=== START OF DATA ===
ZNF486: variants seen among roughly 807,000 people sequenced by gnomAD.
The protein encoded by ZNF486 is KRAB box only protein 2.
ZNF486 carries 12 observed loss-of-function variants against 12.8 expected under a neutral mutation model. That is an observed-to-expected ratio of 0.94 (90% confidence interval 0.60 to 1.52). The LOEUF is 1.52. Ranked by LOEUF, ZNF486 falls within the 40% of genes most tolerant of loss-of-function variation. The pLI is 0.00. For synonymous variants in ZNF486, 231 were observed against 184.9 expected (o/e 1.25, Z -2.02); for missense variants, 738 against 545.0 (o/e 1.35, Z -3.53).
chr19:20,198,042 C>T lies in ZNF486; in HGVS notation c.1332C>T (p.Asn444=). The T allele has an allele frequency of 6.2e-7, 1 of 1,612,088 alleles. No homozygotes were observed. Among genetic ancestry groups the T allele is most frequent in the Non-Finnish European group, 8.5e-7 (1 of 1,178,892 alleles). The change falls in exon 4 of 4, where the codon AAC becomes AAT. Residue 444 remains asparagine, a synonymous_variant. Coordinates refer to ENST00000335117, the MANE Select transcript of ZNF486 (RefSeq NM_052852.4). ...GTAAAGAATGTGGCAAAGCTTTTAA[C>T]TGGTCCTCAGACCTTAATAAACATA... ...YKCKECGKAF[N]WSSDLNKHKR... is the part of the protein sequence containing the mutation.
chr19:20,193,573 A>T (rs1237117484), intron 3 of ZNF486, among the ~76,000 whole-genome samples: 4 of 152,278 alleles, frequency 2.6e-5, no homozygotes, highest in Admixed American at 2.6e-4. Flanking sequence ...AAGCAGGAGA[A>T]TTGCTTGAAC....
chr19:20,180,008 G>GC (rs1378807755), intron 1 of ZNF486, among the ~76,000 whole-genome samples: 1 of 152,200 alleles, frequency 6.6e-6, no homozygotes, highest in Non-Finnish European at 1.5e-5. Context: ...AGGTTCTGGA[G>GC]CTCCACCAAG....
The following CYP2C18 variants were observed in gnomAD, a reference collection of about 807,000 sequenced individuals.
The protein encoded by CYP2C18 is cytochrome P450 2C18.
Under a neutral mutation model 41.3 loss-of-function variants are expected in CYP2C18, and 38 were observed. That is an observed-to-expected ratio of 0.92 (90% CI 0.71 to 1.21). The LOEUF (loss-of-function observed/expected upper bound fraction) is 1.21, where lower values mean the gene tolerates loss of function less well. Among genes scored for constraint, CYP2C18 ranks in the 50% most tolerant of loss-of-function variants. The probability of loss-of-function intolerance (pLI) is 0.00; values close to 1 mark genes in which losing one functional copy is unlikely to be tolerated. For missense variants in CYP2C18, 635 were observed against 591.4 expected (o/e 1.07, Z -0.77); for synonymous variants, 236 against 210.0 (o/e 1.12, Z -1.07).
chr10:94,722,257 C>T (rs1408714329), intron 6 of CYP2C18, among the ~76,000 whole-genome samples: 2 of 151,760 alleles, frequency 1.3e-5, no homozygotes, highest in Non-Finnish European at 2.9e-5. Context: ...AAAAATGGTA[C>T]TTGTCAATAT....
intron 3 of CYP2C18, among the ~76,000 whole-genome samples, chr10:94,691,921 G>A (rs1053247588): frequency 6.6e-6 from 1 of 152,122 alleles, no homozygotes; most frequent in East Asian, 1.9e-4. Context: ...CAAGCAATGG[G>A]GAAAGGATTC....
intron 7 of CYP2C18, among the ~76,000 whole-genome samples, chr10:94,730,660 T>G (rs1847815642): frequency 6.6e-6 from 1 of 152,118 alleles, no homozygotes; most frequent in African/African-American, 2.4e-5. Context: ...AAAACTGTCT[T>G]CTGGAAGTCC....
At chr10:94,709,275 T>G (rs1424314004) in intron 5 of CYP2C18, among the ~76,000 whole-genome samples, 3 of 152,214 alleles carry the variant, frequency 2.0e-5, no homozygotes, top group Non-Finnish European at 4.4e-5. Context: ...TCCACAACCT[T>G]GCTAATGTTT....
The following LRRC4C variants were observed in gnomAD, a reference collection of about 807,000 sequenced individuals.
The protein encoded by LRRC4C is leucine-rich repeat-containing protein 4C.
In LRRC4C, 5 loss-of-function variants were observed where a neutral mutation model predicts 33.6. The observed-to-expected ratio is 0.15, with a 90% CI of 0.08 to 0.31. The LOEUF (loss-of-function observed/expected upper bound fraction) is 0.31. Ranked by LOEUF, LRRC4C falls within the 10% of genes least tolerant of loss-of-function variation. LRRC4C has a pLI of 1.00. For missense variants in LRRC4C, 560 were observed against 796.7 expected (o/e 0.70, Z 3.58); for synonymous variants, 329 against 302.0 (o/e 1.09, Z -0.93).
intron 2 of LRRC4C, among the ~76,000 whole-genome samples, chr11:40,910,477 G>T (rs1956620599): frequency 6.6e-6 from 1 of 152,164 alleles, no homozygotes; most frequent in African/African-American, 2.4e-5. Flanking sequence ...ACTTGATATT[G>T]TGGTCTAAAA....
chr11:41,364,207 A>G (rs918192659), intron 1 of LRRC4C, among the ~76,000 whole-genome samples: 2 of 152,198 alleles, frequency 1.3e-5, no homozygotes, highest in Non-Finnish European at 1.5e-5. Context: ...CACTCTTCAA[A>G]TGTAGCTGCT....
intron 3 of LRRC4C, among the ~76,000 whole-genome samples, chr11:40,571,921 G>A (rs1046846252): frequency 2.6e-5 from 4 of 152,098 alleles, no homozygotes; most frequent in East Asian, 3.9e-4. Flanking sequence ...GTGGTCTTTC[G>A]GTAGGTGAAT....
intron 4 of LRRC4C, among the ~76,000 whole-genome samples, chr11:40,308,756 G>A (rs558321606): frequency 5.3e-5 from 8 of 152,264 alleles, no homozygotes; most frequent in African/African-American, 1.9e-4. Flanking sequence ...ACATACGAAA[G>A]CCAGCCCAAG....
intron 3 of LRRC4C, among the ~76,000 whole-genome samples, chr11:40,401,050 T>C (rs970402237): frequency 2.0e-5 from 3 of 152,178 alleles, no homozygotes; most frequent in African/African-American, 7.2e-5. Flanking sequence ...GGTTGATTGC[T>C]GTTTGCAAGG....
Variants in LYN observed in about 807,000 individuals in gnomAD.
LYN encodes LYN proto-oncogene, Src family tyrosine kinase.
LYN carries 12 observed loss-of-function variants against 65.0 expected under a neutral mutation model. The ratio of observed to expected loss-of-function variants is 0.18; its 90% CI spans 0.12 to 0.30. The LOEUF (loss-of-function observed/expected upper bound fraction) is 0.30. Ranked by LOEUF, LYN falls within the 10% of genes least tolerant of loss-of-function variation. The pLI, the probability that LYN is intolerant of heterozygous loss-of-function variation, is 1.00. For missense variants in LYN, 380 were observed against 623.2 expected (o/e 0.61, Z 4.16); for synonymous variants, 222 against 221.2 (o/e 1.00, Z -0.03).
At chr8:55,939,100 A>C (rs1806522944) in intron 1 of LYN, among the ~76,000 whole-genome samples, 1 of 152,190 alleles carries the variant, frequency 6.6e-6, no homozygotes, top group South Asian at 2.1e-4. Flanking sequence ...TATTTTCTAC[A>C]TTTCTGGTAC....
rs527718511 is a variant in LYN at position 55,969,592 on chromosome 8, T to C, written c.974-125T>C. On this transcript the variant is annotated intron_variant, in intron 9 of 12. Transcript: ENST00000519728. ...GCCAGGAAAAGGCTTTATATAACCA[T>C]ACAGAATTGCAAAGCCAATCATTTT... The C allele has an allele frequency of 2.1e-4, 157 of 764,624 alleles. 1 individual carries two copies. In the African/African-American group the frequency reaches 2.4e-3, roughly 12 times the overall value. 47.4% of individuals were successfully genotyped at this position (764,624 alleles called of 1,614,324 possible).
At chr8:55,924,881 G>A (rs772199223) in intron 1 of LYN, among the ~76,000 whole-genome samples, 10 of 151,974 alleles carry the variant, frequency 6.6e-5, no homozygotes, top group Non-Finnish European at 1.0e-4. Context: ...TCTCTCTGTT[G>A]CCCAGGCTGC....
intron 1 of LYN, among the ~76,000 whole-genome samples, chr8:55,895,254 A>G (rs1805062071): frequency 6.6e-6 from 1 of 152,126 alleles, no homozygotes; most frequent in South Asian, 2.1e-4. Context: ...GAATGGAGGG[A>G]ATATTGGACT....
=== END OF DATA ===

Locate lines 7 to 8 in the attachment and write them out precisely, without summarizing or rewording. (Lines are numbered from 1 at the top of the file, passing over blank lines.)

The following CYP2C18 variants were observed in gnomAD, a reference collection of about 807,000 sequenced individuals.
The protein encoded by CYP2C18 is cytochrome P450 2C18.